Both BCR/ABL and AKR mice were significantly heavier than controls after one week on the high-fat diet (p<0.001, Figures 1A and C). The BCR/ABL mice began presenting with signs of ALL at ~7 weeks of age. While fat-fed BCR/ABL mice had a similar median survival to the controls (107 vs. 113 days, Figure 1B, p=0.2, log rank), in post-hoc analysis, the hazard ratio of ALL significantly varied over time by diet group (p=0.047). At 60 days of age, the risk of ALL in obese mice was 0.61 times (95% CI: 0.24, 1.5) that of controls, while at 150 days, the risk was twice as high (95% CI: 1.1, 3.7) as controls. This was reflected by the decreased maximum lifespan in obese compared to control mice (175±10 vs. 226±26 days for the longest living 10% of each group, p<0.005). Thus, obesity increased the risk of ALL in older BCR/ABL transgenic mice.
AKR mice began presenting with ALL at ~7 months of age. Cause of death could not be confirmed in one mouse in each diet group; otherwise, all mice presented with labored breathing and/or tumor. Obese AKR mice developed ALL earlier than control mice, resulting in a 2 month lower median survival (237 vs. 310 days, Figure 1D, p=0.035 log rank, p=0.039 permutation analysis). Thymus weights from AKR mice prior to ALL were increased by both obesity and age (p=0.005 and 0.003, respectively, ANOVA, n=3/group/time point, Figure 2A), but there was no interaction between these variables (p=0.59). A similar pattern was observed with spleen weight (diet: p<0.001, age: p=0.026, interaction: p=0.15, Figure 2B). When expressed as a percentage of body weight, there was no effect of diet on thymus size, and only a borderline significant effect of high fat diet to increase spleen size (p=0.066, data not shown). Also, age and diet did not appear to alter the thymocyte expression patterns of CD4/CD8 (Figure 2C) or the TCR subtype (α/β vs. γ/δ, not shown, p=0.26). In both obese and control AKR mice sacrificed at the time of progressive ALL, the thymus samples demonstrated a predominant outgrowth of cells with similar expression (most frequently CD4+/CD8+ or CD4−/CD8−, not shown), and this also did not differ between diet groups.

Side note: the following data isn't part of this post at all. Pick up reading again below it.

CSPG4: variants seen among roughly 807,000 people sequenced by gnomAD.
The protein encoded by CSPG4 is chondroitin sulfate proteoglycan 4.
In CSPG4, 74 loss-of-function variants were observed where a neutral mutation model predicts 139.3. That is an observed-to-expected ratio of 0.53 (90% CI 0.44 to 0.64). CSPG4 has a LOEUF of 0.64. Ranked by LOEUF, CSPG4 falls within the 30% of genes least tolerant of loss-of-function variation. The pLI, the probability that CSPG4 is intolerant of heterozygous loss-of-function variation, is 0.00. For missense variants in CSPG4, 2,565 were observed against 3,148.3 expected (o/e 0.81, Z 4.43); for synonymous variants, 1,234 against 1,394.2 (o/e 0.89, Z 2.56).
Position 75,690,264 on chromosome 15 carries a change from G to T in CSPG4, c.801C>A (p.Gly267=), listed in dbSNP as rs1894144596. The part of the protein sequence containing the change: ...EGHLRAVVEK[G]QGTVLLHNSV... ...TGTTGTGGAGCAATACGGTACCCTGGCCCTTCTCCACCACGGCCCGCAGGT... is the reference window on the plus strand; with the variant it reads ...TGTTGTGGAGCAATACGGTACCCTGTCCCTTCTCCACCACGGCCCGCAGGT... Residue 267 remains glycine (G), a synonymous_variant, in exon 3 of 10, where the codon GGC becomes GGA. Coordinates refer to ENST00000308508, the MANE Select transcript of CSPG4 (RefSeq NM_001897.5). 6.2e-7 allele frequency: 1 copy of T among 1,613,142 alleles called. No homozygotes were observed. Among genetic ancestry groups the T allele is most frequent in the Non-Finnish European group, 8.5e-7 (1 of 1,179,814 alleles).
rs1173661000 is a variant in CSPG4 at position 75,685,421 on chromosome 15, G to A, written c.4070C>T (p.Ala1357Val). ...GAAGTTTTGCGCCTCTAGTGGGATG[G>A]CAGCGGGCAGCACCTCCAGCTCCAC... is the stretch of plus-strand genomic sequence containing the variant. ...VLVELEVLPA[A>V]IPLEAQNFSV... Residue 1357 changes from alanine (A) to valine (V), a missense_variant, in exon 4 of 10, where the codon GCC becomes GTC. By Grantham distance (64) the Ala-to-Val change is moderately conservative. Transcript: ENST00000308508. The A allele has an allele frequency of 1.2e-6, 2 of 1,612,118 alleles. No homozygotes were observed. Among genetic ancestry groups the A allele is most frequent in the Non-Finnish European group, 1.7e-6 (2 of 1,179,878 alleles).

To investigate potential mediators of the obesity-leukemia link in this study, we measured various obesity-related hormones in plasma from the AKR mice sacrificed at various timepoints. High fat diet was associated with increased (non-fasting) levels of insulin (p<0.001), leptin (p=0.004), and IL-6 (p<0.001, ANOVA, Figure 3). Leptin also increased over time (p=0.041). There was no significant effect of diet or age on plasma adiponectin level.
The present results are the first to our knowledge to demonstrate that obesity can directly accelerate ALL progression. Obesity increased the risk of ALL in older, but not younger, BCR/ABL mice, while it had an even more significant effect on the AKR mice, which did not develop ALL until after 7 months of age. This is consistent with a time-dependent and/or cumulative effect of obesity, such as that observed for other exposure-related cancers, such as lung carcinoma (smoking) and breast cancer (estrogen). This is also consistent with other comorbidities of obesity which are related to a cumulative exposure, such as heart disease, diabetes, and arthritis. Additionally, a certain threshold of obesity may need to be reached before it begins to exert an effect on ALL progression. This is suggested by human cancer incidence and mortality data. Reeves et al. found that a modest degree of overweight (body mass index [BMI] 25–27.4 kg/m2) was not associated with increased leukemia or overall cancer incidence (2). However, leukemia and overall cancer incidence was increased in women with more substantial obesity. Calle et al. reported similar effects of obesity on leukemia and cancer mortality in men, though they did not detect an effect of obesity on leukemia mortality in women (1). Finally, it is possible that ALL which develops in young mice may be intrinsically more aggressive, and thus may be less influenced by environmental or physiological modulators of the disease such as obesity. In any case, it is plausible that the observed effects of obesity might be relevant in adolescents and adults, who may have been obese for years or decades.
In this study, we cannot differentiate between the effects of a high-fat diet and of obesity per se on ALL progression. However, it is interesting to note that a subset (11 out of 41) of the BCR/ABL mice were “obesity-resistant”, with weights within 2 SD of the control group (10). These mice had a median survival of 135 days, compared to 99 days in the remaining “obesity-prone” mice (p=0.10 in post-hoc analysis). Removal of the “obesity-resistant” mice from the survival analysis does not change the results (p=0.12, log rank control vs. “obesity-prone”). However, the tendency for the “obesity-resistant” mice to have prolonged survival, despite being on the high-fat diet, does imply that obesity itself is responsible for the accelerated appearance of leukemia. Further studies would be needed to formally test this hypothesis.